Kubrick’s ‘The Shining’ (as a ’90s Sitcom)?: Here’s How

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The first time I watched The Shining, Stanley Kubrick’s psychological horror film based on the Stephen King novel of the same name, it was at an 11 p.m. screening on a Sunday night in 1980. I saw it alone and as I walked back to my apartment when it was over, sometime around 1:30 in the morning, I constantly looked over my shoulder. That wasn’t because I was afraid of being mugged on the deserted streets of my New York City neighborhood. No, because as anyone who has seen the film knows, Jack Torrance, brilliantly played by Jack Nicholson, just 42 years old at the time, might be ready to pounce on me.

I’ve seen the film perhaps half a dozen more times, though never again on the big screen where those beautiful snow-capped landscapes look their best. Or those close-ups of Jack’s eyebrow-raised demonic looks or the desperate reactions of Shelley Duvall’s Wendy Torrance to her husband’s increasingly bizarre behavior (“Give me the bat, Wendy”).

Kubrick made just 13 feature-length films in his storied career and, ever the perfectionist, just three in his last 24 years, including The Shining, released on May 23, 1980. His filmography also includes such classics as 2001: A Space OdysseyA Clockwork Orange and Full Metal Jacket. He died on March 7, 1999, six days after showing his final cut of Eyes Wide Shut to senior executives at Warner Bros. Pictures.

A talented young editor, Logan Cuddemi, has used his imagination and significant skills to create a brief “what if?” parody of the movie, complete with an upbeat (and recognizable) theme song, showcasing the cast as if it were a ’90s sitcom. It’s brilliantly done and we asked him several questions about his work (below).

Watch The Shining (as a ’90s sitcom)

Best Classic Bands: The juxtaposition of Kubrick’s horror classic with the easygoing vibe of ’90s-era sitcoms is pretty stark. How did you come up with the idea?

Logan Cuddemi: I think there’s just something about ’90s sitcoms. They come across as moderated and goofy, and yet were surprisingly innovative for the time. They started pushing boundaries while playing it safe. Television evolved into a free-for-all, but there’s still a feeling of beating around the bush and staying network-appropriate. So it’s a strange grey area. There’s also a palpable level of insincerity and averageness. Of course, families don’t actually function as they do on screen. It makes you wonder what’s going on behind the scenes. But they’re warm–that’s important. In terms of The Shining, Kubrick is an incredibly cold director. There’s almost zero warmth in that movie. You’re taught to fear it; he loves playing with motives. I figured a great way to work with this was giving the Torrance family the sitcom treatment. Plus, the juxtaposition is just so absurd that it’s laughable.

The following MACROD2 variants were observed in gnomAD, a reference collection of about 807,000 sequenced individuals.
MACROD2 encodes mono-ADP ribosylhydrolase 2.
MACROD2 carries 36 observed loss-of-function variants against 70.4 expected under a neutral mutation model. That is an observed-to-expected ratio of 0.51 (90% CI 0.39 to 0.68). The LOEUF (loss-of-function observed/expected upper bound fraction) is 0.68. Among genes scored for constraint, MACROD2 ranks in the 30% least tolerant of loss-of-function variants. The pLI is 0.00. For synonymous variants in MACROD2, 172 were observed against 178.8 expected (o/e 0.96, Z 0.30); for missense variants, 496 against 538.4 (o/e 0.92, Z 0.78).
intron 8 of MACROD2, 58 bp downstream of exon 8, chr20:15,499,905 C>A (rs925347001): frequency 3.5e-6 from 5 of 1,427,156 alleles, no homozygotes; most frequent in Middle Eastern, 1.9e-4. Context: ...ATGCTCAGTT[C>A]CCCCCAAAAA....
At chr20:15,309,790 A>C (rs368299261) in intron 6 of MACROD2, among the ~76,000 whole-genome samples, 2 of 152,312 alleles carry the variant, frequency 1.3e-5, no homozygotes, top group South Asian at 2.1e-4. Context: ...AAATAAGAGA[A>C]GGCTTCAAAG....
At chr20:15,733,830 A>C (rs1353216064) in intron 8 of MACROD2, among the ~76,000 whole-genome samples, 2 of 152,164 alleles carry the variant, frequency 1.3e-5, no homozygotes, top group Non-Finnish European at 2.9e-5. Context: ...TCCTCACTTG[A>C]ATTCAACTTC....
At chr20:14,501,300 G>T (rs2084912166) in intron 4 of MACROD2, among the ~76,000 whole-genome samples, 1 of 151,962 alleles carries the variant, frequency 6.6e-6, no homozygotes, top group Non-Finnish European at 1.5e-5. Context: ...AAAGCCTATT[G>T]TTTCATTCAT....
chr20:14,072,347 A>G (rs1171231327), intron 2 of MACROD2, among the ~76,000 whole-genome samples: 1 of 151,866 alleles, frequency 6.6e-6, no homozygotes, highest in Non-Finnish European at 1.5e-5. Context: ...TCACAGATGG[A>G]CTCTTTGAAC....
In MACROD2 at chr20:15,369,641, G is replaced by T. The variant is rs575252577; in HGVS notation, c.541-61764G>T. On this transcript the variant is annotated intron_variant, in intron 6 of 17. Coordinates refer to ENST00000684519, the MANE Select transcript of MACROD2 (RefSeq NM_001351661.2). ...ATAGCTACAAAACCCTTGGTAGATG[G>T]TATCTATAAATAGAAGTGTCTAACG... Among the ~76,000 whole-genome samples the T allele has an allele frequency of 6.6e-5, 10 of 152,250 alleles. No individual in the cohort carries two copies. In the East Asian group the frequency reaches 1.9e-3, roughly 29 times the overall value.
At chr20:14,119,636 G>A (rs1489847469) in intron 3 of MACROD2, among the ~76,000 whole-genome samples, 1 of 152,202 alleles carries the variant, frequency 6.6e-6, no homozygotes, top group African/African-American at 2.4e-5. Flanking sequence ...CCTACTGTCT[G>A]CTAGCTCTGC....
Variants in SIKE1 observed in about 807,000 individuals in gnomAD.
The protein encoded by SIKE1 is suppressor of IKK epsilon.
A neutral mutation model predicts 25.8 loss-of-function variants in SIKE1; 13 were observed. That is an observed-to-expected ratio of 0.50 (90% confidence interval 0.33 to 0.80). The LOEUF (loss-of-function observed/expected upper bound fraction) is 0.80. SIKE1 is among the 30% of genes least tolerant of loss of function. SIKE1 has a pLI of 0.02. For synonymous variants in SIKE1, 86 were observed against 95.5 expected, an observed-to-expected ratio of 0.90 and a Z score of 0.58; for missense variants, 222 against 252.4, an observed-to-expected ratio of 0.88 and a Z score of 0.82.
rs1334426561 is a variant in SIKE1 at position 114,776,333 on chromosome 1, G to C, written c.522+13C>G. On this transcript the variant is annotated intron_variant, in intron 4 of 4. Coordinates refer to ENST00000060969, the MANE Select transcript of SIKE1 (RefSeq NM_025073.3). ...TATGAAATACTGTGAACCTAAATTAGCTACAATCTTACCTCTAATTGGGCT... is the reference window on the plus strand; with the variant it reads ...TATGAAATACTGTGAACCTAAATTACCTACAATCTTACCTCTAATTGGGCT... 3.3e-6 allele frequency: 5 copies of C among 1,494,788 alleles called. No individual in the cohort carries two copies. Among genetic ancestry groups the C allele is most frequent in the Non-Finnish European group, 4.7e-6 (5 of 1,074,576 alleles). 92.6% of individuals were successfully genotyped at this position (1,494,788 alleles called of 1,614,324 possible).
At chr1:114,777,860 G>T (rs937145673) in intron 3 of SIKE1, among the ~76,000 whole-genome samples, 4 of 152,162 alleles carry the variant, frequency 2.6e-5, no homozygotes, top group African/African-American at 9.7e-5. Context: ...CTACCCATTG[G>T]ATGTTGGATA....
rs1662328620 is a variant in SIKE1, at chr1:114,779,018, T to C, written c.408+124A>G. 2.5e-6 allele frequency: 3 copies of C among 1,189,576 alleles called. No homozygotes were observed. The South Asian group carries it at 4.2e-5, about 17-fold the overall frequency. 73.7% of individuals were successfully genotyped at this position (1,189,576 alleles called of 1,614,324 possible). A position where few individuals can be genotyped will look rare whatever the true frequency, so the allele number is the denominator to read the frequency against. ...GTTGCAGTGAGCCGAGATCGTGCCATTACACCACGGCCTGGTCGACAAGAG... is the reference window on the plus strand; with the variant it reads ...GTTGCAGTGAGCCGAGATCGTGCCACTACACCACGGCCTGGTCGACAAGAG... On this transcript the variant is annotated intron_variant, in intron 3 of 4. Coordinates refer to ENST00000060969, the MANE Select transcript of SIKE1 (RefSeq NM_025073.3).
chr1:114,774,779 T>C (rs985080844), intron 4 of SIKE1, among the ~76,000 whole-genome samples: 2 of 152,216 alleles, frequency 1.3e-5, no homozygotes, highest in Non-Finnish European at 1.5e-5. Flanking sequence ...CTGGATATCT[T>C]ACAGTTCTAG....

You selected the ultimate family sitcom theme song. Was that an easy decision or were there several close finalists?

There were many options. I decided that I couldn’t overthink it and simplicity was key. I think the Full House theme worked great because it’s equally iconic and involves an unconventional family (so lots of introductions). It also has nice pacing, whereas something like Friends or Seinfeld would have felt forced. Ultimately, it was an easy decision.

How long did it take you to put it together?

Honestly, I did the whole thing in probably four hours. I knew which scenes to look for and it just came down to a few hours of organizing clips and trimming them to work with the style. Things are much easier when you have a designated audio track to work with. I will say motion is critical; I’m very particular about cutting for just the right moment. Finding the right energy adds believability.

How old were you when you first saw The Shining? How many times have you seen it? Are there revelations about it that come to you on subsequent viewings?

Definitely quite young. I’ve seen the movie an unhealthy amount of times and it’s markedly one of my favorites. I’m a big King and Kubrick fan and wrote several essays on it over the years. Ever since reading Rob Ager’s analysis as a teenager, I became fascinated. The importance of mirrors and symmetry, even suggestions of retribution for indigenous genocide. It’s all there. Without getting into more detail I will say it has an incredible amount of depth. I see it differently every time. Face value it’s a King adaptation, but Kubrick had some other ideas.

Have you ever seen it on the big screen?

Logan Cuddemi

I saw it at the Brattle Theatre in Cambridge, Mass., when I was in college. It was an original print from 1980 so it was totally beat up and scratched. Couldn’t have asked for a more authentic experience.

What are your near-term and long-term career plans?

My near-term plans are to get comfortable in my career and continue doing the work I like to do. Video Editing and Motion Design are two things I fully enjoy doing. Working with software is great. Also networking and building my portfolio as much as possible. I’d like to work for some more interesting companies. Long-term I’d consider a few options, I think going into my own business eventually would be a nice challenge. I tend not to think too far ahead.

Cuddemi graduated from Massachusetts College of Art and Design in 2019 with a BFA in Film/ Video. Reach out to him if you have an appropriate project.

Watch The Shining‘s official trailer

The Shining is available for streaming or purchase here.

Related: Another memorable Nicholson role from 10 years earlier

Greg Brodsky

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  1. Jett
    #1 Jett 6 March, 2021, 18:36

    You forgot “Heeeeere’s Johnny!” at the end.

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